Be carefull with some Windows text editors than may add the .txt extention to your text file when saving it. If it is, click on the name to remove the .txt we need to get ridden of!
Since people generally use their GPS in the same place(s) most of the time, they generally need to upload the same maps, each time. In order not to have to do it explicitly each time you use GpsAR, it is possible to have one or several maps auto uploaded when launching GpsAR. These maps must be defined in the default.maps text file. It's what we've just done above as a demo...
The other maps can be defined anywhere else, but you'll have to upload them explicitly when needed.
It's as you wish: choose your own(s) directory(ies) where to put some non default maps. For instance you can create the myNonDefaultMaps directory where you'll put some maps to be loaded. In this directory, put as many jpg files as you want. Then, create for instance a northWestFrance.maps file ("northWestFrance" is as you wish, but .maps extension is compulsary), where you'll write as many 5 lines as necessary, as we've just seen with the default.maps.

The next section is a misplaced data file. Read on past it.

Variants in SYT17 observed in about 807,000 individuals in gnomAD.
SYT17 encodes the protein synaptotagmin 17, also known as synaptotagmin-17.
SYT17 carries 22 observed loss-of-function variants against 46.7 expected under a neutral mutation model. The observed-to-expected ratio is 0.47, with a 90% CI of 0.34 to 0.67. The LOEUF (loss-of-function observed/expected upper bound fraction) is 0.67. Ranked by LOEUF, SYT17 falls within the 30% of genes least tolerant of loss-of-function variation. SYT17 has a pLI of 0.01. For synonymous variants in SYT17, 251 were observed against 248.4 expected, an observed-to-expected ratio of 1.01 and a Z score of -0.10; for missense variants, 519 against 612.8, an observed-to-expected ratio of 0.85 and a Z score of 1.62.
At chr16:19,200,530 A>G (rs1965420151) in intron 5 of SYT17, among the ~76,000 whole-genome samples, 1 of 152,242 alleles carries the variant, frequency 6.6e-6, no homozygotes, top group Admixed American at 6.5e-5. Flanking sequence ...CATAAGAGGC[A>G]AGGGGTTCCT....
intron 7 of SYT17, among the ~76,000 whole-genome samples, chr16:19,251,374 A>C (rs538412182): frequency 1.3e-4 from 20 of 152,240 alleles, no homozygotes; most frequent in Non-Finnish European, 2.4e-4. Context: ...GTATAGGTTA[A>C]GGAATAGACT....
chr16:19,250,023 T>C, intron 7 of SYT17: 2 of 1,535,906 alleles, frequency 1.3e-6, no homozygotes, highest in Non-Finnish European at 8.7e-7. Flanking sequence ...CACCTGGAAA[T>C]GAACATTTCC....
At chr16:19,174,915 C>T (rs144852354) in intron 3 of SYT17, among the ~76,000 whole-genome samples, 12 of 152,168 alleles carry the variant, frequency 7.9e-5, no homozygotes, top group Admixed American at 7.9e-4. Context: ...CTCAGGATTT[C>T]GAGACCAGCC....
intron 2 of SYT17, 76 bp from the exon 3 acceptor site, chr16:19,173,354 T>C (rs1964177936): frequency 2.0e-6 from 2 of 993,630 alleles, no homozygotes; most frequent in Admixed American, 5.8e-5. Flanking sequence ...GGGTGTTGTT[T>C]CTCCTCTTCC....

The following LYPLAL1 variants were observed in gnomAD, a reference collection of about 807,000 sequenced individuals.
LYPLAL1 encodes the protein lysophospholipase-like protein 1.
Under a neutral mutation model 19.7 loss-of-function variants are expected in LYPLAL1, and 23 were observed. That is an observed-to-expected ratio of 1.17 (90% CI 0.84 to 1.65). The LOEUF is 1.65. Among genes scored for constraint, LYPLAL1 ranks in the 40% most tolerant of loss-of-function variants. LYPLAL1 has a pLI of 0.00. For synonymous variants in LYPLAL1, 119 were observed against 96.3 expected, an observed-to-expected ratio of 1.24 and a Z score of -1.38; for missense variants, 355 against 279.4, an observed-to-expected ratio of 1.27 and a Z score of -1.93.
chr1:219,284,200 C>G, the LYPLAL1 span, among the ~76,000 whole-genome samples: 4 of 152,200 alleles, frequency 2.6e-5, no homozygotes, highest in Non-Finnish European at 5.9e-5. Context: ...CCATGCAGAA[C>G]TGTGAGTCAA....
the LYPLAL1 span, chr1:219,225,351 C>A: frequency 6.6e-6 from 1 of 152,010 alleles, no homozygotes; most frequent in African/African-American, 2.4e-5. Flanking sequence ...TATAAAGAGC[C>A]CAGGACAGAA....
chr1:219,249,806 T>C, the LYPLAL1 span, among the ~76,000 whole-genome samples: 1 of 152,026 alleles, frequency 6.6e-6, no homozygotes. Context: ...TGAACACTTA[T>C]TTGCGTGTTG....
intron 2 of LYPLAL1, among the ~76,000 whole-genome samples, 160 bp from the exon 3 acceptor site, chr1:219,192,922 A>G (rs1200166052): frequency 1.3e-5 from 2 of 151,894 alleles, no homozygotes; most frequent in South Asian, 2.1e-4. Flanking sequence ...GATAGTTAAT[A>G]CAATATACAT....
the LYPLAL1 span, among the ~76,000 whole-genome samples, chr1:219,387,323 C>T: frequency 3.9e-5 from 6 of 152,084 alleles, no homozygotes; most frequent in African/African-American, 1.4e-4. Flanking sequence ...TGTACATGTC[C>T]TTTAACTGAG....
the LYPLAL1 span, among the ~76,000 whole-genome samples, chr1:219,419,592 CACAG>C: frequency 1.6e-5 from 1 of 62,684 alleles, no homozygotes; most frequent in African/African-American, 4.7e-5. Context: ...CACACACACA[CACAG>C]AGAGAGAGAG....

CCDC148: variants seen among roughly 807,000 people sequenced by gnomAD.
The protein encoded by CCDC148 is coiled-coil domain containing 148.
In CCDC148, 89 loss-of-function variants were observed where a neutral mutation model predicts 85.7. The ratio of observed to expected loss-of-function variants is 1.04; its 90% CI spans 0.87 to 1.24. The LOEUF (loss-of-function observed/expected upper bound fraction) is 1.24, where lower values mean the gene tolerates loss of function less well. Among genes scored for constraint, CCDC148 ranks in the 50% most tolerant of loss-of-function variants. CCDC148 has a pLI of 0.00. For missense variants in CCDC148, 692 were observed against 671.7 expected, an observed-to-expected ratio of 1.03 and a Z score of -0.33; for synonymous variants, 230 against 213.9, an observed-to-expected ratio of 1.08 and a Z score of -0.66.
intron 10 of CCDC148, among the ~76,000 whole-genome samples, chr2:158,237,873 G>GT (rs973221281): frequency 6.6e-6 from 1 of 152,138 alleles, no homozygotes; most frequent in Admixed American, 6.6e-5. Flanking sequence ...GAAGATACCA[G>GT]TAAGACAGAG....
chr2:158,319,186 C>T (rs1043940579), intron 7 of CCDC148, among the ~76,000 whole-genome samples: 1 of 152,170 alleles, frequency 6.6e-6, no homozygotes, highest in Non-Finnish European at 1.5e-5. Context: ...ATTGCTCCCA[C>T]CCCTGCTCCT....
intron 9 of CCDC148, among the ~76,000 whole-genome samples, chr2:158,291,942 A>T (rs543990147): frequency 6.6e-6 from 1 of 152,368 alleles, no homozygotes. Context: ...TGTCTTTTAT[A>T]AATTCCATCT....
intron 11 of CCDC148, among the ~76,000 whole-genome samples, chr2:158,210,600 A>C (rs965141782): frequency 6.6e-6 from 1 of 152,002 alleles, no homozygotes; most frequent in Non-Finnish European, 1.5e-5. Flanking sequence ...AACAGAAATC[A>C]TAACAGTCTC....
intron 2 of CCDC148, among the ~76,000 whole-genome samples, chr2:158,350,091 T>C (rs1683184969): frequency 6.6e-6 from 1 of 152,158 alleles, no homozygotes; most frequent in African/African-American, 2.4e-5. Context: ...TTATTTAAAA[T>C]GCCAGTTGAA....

In fact, what is important is what is written in a .maps file. The directories organasation is as you prefer. For instance, you can put every jpg and every .maps in the same directory, including the default.maps. It will work in the same way: all maps defined in the default.maps of maps directory are automatically loaded, and others must be loaded via the menu.
To load non-default maps, go to File menu, and the choose load maps. Then browse and choose the relevant .maps file. For instance the northWestFrance.maps.
If you've loaded several maps and want to move to other maps, it's better you do Clear maps in File before processing. Otherwise, you would have too many maps in memory.
Why not to put all the maps in default.maps? Sure, you can. But be carefull, it implies memory and processing ressources. So, the best thing to do is to put from one to four maps in default.maps (depending on their size), and the others elsewhere.